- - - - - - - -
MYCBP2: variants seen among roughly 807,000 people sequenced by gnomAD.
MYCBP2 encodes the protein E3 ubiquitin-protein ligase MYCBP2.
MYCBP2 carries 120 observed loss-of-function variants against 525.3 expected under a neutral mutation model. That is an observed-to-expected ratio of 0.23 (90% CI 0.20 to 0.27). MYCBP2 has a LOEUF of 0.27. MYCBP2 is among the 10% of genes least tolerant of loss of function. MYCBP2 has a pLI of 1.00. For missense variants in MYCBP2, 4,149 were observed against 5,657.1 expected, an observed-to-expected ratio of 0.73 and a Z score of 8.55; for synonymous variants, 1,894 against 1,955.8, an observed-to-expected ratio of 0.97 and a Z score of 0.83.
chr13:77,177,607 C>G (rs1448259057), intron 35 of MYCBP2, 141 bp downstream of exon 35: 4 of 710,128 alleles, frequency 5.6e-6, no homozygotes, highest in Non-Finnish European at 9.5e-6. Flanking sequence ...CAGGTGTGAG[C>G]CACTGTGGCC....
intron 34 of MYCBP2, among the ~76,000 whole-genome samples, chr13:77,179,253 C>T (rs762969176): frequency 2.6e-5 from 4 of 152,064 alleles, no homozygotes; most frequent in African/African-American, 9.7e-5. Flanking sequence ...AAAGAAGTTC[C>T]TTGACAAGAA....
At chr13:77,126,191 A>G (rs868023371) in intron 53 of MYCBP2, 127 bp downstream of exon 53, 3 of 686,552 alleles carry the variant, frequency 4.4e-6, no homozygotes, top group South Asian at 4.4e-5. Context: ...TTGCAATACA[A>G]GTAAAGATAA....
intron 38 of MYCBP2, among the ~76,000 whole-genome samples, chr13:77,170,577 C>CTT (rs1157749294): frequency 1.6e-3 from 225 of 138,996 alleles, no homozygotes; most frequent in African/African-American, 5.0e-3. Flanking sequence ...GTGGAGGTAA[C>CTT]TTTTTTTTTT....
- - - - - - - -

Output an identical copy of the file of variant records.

MYCBP2: variants seen among roughly 807,000 people sequenced by gnomAD.
MYCBP2 encodes the protein E3 ubiquitin-protein ligase MYCBP2.
MYCBP2 carries 120 observed loss-of-function variants against 525.3 expected under a neutral mutation model. That is an observed-to-expected ratio of 0.23 (90% CI 0.20 to 0.27). MYCBP2 has a LOEUF of 0.27. MYCBP2 is among the 10% of genes least tolerant of loss of function. MYCBP2 has a pLI of 1.00. For missense variants in MYCBP2, 4,149 were observed against 5,657.1 expected, an observed-to-expected ratio of 0.73 and a Z score of 8.55; for synonymous variants, 1,894 against 1,955.8, an observed-to-expected ratio of 0.97 and a Z score of 0.83.
chr13:77,177,607 C>G (rs1448259057), intron 35 of MYCBP2, 141 bp downstream of exon 35: 4 of 710,128 alleles, frequency 5.6e-6, no homozygotes, highest in Non-Finnish European at 9.5e-6. Flanking sequence ...CAGGTGTGAG[C>G]CACTGTGGCC....
intron 34 of MYCBP2, among the ~76,000 whole-genome samples, chr13:77,179,253 C>T (rs762969176): frequency 2.6e-5 from 4 of 152,064 alleles, no homozygotes; most frequent in African/African-American, 9.7e-5. Flanking sequence ...AAAGAAGTTC[C>T]TTGACAAGAA....
At chr13:77,126,191 A>G (rs868023371) in intron 53 of MYCBP2, 127 bp downstream of exon 53, 3 of 686,552 alleles carry the variant, frequency 4.4e-6, no homozygotes, top group South Asian at 4.4e-5. Context: ...TTGCAATACA[A>G]GTAAAGATAA....
intron 38 of MYCBP2, among the ~76,000 whole-genome samples, chr13:77,170,577 C>CTT (rs1157749294): frequency 1.6e-3 from 225 of 138,996 alleles, no homozygotes; most frequent in African/African-American, 5.0e-3. Flanking sequence ...GTGGAGGTAA[C>CTT]TTTTTTTTTT....